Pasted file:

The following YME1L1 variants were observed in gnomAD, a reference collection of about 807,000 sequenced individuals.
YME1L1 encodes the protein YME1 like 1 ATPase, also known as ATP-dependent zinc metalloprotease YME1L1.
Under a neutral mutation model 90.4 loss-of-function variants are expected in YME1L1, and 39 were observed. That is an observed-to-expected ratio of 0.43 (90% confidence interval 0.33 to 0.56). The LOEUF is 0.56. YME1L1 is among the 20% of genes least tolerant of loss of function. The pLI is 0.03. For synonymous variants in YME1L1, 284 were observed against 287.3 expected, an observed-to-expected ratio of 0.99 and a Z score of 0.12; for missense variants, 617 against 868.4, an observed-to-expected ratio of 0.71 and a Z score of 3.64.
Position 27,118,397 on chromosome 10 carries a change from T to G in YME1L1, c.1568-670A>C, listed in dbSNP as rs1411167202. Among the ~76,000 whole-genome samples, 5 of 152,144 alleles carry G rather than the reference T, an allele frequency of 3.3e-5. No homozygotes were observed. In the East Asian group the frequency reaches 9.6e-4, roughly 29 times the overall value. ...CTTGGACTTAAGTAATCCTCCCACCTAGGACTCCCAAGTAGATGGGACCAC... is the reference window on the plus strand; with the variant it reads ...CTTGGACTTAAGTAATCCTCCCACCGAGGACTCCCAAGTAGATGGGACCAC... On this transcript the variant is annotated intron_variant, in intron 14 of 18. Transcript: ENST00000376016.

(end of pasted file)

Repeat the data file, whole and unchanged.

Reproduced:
The following YME1L1 variants were observed in gnomAD, a reference collection of about 807,000 sequenced individuals.
YME1L1 encodes the protein YME1 like 1 ATPase, also known as ATP-dependent zinc metalloprotease YME1L1.
Under a neutral mutation model 90.4 loss-of-function variants are expected in YME1L1, and 39 were observed. That is an observed-to-expected ratio of 0.43 (90% confidence interval 0.33 to 0.56). The LOEUF is 0.56. YME1L1 is among the 20% of genes least tolerant of loss of function. The pLI is 0.03. For synonymous variants in YME1L1, 284 were observed against 287.3 expected, an observed-to-expected ratio of 0.99 and a Z score of 0.12; for missense variants, 617 against 868.4, an observed-to-expected ratio of 0.71 and a Z score of 3.64.
Position 27,118,397 on chromosome 10 carries a change from T to G in YME1L1, c.1568-670A>C, listed in dbSNP as rs1411167202. Among the ~76,000 whole-genome samples, 5 of 152,144 alleles carry G rather than the reference T, an allele frequency of 3.3e-5. No homozygotes were observed. In the East Asian group the frequency reaches 9.6e-4, roughly 29 times the overall value. ...CTTGGACTTAAGTAATCCTCCCACCTAGGACTCCCAAGTAGATGGGACCAC... is the reference window on the plus strand; with the variant it reads ...CTTGGACTTAAGTAATCCTCCCACCGAGGACTCCCAAGTAGATGGGACCAC... On this transcript the variant is annotated intron_variant, in intron 14 of 18. Transcript: ENST00000376016.